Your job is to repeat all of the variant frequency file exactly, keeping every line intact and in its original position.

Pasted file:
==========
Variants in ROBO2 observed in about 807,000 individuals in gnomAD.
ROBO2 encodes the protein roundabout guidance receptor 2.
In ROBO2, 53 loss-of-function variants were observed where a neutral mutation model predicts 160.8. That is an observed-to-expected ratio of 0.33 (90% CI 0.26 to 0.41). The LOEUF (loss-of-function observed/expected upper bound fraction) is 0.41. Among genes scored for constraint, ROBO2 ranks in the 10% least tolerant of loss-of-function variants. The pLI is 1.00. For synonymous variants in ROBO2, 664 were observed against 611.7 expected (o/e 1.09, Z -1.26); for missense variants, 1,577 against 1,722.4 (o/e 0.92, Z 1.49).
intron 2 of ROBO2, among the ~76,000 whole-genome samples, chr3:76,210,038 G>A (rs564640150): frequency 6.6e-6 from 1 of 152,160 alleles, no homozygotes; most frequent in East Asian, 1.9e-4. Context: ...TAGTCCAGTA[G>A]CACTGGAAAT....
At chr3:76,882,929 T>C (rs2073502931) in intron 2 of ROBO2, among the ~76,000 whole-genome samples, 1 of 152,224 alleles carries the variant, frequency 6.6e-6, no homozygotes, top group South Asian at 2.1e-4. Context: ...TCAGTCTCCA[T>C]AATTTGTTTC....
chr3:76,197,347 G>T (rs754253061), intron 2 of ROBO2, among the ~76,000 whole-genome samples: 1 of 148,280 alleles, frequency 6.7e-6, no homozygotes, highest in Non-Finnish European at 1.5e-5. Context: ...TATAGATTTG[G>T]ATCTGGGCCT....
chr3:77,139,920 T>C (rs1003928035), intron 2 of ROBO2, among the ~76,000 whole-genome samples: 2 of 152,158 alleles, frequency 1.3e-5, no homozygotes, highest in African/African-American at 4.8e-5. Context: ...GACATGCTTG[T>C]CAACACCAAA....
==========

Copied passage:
Variants in ROBO2 observed in about 807,000 individuals in gnomAD.
ROBO2 encodes the protein roundabout guidance receptor 2.
In ROBO2, 53 loss-of-function variants were observed where a neutral mutation model predicts 160.8. That is an observed-to-expected ratio of 0.33 (90% CI 0.26 to 0.41). The LOEUF (loss-of-function observed/expected upper bound fraction) is 0.41. Among genes scored for constraint, ROBO2 ranks in the 10% least tolerant of loss-of-function variants. The pLI is 1.00. For synonymous variants in ROBO2, 664 were observed against 611.7 expected (o/e 1.09, Z -1.26); for missense variants, 1,577 against 1,722.4 (o/e 0.92, Z 1.49).
intron 2 of ROBO2, among the ~76,000 whole-genome samples, chr3:76,210,038 G>A (rs564640150): frequency 6.6e-6 from 1 of 152,160 alleles, no homozygotes; most frequent in East Asian, 1.9e-4. Context: ...TAGTCCAGTA[G>A]CACTGGAAAT....
At chr3:76,882,929 T>C (rs2073502931) in intron 2 of ROBO2, among the ~76,000 whole-genome samples, 1 of 152,224 alleles carries the variant, frequency 6.6e-6, no homozygotes, top group South Asian at 2.1e-4. Context: ...TCAGTCTCCA[T>C]AATTTGTTTC....
chr3:76,197,347 G>T (rs754253061), intron 2 of ROBO2, among the ~76,000 whole-genome samples: 1 of 148,280 alleles, frequency 6.7e-6, no homozygotes, highest in Non-Finnish European at 1.5e-5. Context: ...TATAGATTTG[G>T]ATCTGGGCCT....
chr3:77,139,920 T>C (rs1003928035), intron 2 of ROBO2, among the ~76,000 whole-genome samples: 2 of 152,158 alleles, frequency 1.3e-5, no homozygotes, highest in African/African-American at 4.8e-5. Context: ...GACATGCTTG[T>C]CAACACCAAA....